The state Supreme Court’s decision taking church buildings and millions of dollars of real estate from the Diocese of South Carolina prompted retired Chief Justice Jean Toal to call it “nothing less than judicial sanction of the confiscation of church property.”
The key to this unfortunate decision is the false assumption that the Episcopal Church is hierarchical. F.V. Mills’ Bishops by Ballot: an Eighteenth Century Ecclesiastical Revolution (New York: 1978) documents that the church’s founding fathers were adamant that they were establishing not a top-down but a bottom-up governance based on republican concepts “in place of hierarchical ones.”
No wonder delegates from Maryland, Virginia and South Carolina insisted at the organizing convention for the Episcopal Church that they have no bishops. The hostility toward tyranny was built into the church’s foundation, accepting only bishops whose authority would be “spiritual” and subject to checks and balances from the bottom up.
As one who has taught history for more than two decades, I can confidently assert that the national church was carefully founded not to be an hierarchical church. We have never even called the presiding bishop an archbishop, as most Anglican provinces do. The one time the General Convention considered creating a truly hierarchical church (1898), the proposals were clearly and forthrightly rejected.
Practical examples of this reality abound. One is especially applicable: Several dioceses separated from the national church when their states seceded from the union; following the Civil War, they returned only after voting to do so. Such is the inherent independence of dioceses.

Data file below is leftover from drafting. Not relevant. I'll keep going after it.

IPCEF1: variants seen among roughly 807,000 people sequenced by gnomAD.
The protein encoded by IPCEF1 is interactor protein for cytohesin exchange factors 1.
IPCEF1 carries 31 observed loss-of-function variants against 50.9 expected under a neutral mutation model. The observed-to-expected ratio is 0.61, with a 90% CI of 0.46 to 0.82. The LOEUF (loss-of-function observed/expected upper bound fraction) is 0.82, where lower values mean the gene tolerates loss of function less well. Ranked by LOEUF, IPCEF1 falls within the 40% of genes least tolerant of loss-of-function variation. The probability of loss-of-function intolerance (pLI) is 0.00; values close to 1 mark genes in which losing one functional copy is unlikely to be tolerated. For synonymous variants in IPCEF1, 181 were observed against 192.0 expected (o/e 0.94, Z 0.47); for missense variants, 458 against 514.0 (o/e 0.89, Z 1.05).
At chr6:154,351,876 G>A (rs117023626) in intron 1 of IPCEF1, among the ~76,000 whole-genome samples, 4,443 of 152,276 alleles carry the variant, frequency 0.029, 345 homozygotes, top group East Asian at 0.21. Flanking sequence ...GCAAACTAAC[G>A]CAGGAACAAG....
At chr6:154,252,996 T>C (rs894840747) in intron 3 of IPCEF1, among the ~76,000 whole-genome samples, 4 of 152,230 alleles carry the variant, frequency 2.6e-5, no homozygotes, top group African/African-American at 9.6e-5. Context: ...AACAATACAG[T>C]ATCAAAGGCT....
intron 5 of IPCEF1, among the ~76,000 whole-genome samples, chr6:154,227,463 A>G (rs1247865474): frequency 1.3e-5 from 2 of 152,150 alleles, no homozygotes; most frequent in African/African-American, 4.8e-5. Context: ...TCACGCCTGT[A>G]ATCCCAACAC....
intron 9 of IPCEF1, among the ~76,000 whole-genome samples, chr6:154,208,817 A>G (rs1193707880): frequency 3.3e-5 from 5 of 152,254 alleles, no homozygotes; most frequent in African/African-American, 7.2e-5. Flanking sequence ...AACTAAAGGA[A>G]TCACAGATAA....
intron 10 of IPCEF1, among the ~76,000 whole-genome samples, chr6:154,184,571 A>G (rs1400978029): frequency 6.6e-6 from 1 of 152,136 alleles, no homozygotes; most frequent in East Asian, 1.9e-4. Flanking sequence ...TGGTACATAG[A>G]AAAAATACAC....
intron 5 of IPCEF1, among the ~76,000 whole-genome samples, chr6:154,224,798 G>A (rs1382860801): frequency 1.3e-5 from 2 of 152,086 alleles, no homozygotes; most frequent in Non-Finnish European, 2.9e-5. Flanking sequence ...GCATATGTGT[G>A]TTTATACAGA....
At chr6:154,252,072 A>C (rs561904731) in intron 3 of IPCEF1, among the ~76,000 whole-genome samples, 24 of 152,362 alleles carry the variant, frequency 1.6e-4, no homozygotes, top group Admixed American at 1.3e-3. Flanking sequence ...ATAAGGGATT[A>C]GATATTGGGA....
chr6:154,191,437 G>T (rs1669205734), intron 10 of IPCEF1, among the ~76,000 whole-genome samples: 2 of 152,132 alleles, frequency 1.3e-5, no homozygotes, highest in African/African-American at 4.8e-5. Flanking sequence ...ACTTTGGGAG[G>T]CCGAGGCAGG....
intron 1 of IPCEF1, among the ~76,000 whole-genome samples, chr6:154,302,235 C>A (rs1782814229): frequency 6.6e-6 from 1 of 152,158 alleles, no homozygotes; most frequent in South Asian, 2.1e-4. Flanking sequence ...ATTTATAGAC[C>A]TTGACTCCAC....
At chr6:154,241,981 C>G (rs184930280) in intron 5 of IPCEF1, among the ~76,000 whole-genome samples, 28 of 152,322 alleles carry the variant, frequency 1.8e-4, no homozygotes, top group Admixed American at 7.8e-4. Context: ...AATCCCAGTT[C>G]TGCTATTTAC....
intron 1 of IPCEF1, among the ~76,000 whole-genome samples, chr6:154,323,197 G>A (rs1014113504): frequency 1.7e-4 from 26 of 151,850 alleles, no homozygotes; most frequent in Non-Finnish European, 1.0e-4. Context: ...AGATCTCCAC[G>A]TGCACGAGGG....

As a bishop in the Episcopal Church, I could never have imposed a candidate for rector on any parish; I could only suggest. Quite often, my suggestions were not followed. Nor could I simply remove a clergy person, no matter how badly the parish might wish it, without a long canonical procedure.
From start to finish, the history of the Episcopal Church testifies to a body that is not a hierarchy of the sort this court ruling has presumed. To dispossess at least 29 congregations and more than 20,000 worshipers on the basis of such a flawed understanding of history would be a terrible injustice.
Bishop C FitzSimons Allison–The South Carolina Supreme Court is destroying our church based on a massive misunderstanding
(NYT) Technology companies are doling out eye-popping salaries in a race to scoop up experts in artificial intelligence
Silicon Valley’s start-ups have always had a recruiting advantage over the industry’s giants: Take a chance on us and we’ll give you an ownership stake that could make you rich if the company is successful.
Now the tech industry’s race to embrace artificial intelligence may render that advantage moot — at least for the few prospective employees who know a lot about A.I.
Tech’s biggest companies are placing huge bets on artificial intelligence, banking on things ranging from face-scanning smartphones and conversational coffee-table gadgets to computerized health care and autonomous vehicles. As they chase this future, they are doling out salaries that are startling even in an industry that has never been shy about lavishing a fortune on its top talent.
Typical A.I. specialists, including both Ph.D.s fresh out of school and people with less education and just a few years of experience, can be paid from $300,000 to $500,000 a year or more in salary and company stock, according to nine people who work for major tech companies or have entertained job offers from them. All of them requested anonymity because they did not want to damage their professional prospects.
Five existing Anglican and Lutheran churches in Peterborough could be merged into a single church, and a new “mission church” planted elsewhere in the city, under a proposal put forth earlier this month by the area bishop.
On October 1 and 2, Riscylla Shaw, area bishop for Trent-Durham within the diocese of Toronto, presented the plan to parishioners at two public meetings. It foresees three Anglican churches—St. Barnabas Anglican Church, St. Luke’s Anglican Church and All Saints’ Anglican Church—and Christ Evangelical Lutheran Church all closing “in the immediate future,” with parishioners gathering to worship for traditional services at the one remaining church, St. John the Evangelist Anglican Church.